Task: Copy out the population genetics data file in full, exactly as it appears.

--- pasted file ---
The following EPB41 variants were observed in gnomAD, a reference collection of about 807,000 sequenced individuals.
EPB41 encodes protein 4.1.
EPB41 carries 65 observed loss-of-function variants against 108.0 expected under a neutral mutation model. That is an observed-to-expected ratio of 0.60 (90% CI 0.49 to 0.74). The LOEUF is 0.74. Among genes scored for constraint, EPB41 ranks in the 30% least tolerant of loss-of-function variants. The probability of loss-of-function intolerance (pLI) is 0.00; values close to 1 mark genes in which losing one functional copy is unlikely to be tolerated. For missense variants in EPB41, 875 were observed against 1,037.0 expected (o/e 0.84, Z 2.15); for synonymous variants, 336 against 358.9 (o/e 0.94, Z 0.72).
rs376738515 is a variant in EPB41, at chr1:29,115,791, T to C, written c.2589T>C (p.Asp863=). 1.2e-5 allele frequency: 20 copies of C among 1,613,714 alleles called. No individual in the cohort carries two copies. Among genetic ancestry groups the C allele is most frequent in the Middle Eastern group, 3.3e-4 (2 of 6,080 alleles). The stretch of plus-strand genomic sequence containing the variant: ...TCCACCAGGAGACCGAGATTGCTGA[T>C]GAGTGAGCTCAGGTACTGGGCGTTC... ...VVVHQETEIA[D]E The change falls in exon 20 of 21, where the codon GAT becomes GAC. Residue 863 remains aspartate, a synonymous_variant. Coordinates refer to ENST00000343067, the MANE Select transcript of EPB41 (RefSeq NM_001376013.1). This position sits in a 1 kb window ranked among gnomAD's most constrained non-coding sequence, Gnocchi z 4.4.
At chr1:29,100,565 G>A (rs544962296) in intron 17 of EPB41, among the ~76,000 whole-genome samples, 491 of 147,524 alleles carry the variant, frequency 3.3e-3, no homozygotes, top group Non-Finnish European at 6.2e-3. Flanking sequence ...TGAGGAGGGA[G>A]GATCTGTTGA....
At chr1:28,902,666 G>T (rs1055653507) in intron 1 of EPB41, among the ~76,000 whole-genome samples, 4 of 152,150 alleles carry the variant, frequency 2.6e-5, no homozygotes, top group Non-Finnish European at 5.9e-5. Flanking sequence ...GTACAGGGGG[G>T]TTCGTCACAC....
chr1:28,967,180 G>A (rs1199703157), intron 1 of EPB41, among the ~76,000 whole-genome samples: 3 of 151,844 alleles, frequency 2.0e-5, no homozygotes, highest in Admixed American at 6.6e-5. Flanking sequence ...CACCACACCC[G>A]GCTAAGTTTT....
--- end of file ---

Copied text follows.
The following EPB41 variants were observed in gnomAD, a reference collection of about 807,000 sequenced individuals.
EPB41 encodes protein 4.1.
EPB41 carries 65 observed loss-of-function variants against 108.0 expected under a neutral mutation model. That is an observed-to-expected ratio of 0.60 (90% CI 0.49 to 0.74). The LOEUF is 0.74. Among genes scored for constraint, EPB41 ranks in the 30% least tolerant of loss-of-function variants. The probability of loss-of-function intolerance (pLI) is 0.00; values close to 1 mark genes in which losing one functional copy is unlikely to be tolerated. For missense variants in EPB41, 875 were observed against 1,037.0 expected (o/e 0.84, Z 2.15); for synonymous variants, 336 against 358.9 (o/e 0.94, Z 0.72).
rs376738515 is a variant in EPB41, at chr1:29,115,791, T to C, written c.2589T>C (p.Asp863=). 1.2e-5 allele frequency: 20 copies of C among 1,613,714 alleles called. No individual in the cohort carries two copies. Among genetic ancestry groups the C allele is most frequent in the Middle Eastern group, 3.3e-4 (2 of 6,080 alleles). The stretch of plus-strand genomic sequence containing the variant: ...TCCACCAGGAGACCGAGATTGCTGA[T>C]GAGTGAGCTCAGGTACTGGGCGTTC... ...VVVHQETEIA[D]E The change falls in exon 20 of 21, where the codon GAT becomes GAC. Residue 863 remains aspartate, a synonymous_variant. Coordinates refer to ENST00000343067, the MANE Select transcript of EPB41 (RefSeq NM_001376013.1). This position sits in a 1 kb window ranked among gnomAD's most constrained non-coding sequence, Gnocchi z 4.4.
At chr1:29,100,565 G>A (rs544962296) in intron 17 of EPB41, among the ~76,000 whole-genome samples, 491 of 147,524 alleles carry the variant, frequency 3.3e-3, no homozygotes, top group Non-Finnish European at 6.2e-3. Flanking sequence ...TGAGGAGGGA[G>A]GATCTGTTGA....
At chr1:28,902,666 G>T (rs1055653507) in intron 1 of EPB41, among the ~76,000 whole-genome samples, 4 of 152,150 alleles carry the variant, frequency 2.6e-5, no homozygotes, top group Non-Finnish European at 5.9e-5. Flanking sequence ...GTACAGGGGG[G>T]TTCGTCACAC....
chr1:28,967,180 G>A (rs1199703157), intron 1 of EPB41, among the ~76,000 whole-genome samples: 3 of 151,844 alleles, frequency 2.0e-5, no homozygotes, highest in Admixed American at 6.6e-5. Flanking sequence ...CACCACACCC[G>A]GCTAAGTTTT....